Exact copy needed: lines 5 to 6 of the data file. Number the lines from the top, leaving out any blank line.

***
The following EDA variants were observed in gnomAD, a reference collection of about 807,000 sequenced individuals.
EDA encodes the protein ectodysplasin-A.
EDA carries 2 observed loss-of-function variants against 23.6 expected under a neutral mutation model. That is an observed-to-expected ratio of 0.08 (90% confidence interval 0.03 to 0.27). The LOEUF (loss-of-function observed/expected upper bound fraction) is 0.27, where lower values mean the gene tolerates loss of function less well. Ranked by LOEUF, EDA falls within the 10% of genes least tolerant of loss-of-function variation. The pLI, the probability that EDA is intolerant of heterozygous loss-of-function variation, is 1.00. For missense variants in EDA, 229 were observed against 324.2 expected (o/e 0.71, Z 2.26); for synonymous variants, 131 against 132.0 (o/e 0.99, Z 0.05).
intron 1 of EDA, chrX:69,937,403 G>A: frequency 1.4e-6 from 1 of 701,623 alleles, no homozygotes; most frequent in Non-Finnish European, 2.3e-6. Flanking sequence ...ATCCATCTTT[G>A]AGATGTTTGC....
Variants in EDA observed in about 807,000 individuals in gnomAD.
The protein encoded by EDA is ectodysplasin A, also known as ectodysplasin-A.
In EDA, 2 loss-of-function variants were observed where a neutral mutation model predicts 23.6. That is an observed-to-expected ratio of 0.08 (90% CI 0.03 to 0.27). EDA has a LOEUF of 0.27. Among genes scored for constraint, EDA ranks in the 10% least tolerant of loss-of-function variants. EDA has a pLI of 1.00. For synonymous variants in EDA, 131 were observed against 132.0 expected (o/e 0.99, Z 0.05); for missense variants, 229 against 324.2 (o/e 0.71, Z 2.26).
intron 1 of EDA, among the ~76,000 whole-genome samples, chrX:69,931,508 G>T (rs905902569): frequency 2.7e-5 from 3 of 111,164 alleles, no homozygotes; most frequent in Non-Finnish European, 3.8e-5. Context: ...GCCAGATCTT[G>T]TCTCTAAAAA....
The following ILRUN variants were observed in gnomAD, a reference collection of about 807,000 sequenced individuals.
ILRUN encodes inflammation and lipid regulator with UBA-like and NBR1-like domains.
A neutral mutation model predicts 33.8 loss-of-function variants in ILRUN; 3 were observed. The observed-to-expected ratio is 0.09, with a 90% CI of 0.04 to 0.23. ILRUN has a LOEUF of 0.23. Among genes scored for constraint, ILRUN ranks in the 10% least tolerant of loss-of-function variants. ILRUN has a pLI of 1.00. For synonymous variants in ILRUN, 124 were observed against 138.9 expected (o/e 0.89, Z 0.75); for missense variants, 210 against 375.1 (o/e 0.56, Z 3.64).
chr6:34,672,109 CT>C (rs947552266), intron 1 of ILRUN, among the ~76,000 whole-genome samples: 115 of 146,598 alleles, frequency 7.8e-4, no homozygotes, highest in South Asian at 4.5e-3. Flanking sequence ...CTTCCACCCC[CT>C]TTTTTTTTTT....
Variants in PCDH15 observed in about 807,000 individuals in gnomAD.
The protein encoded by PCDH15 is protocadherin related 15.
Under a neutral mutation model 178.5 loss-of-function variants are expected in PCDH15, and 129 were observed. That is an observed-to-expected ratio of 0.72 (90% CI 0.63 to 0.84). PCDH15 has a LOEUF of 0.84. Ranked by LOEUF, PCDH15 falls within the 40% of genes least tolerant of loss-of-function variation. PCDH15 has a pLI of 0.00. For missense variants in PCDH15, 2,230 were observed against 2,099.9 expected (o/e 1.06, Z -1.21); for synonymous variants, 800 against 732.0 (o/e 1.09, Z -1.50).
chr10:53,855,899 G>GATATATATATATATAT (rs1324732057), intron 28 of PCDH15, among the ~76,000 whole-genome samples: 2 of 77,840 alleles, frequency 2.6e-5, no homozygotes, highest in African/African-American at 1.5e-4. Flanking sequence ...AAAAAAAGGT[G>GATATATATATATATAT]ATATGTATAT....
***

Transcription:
Variants in EDA observed in about 807,000 individuals in gnomAD.
The protein encoded by EDA is ectodysplasin A, also known as ectodysplasin-A.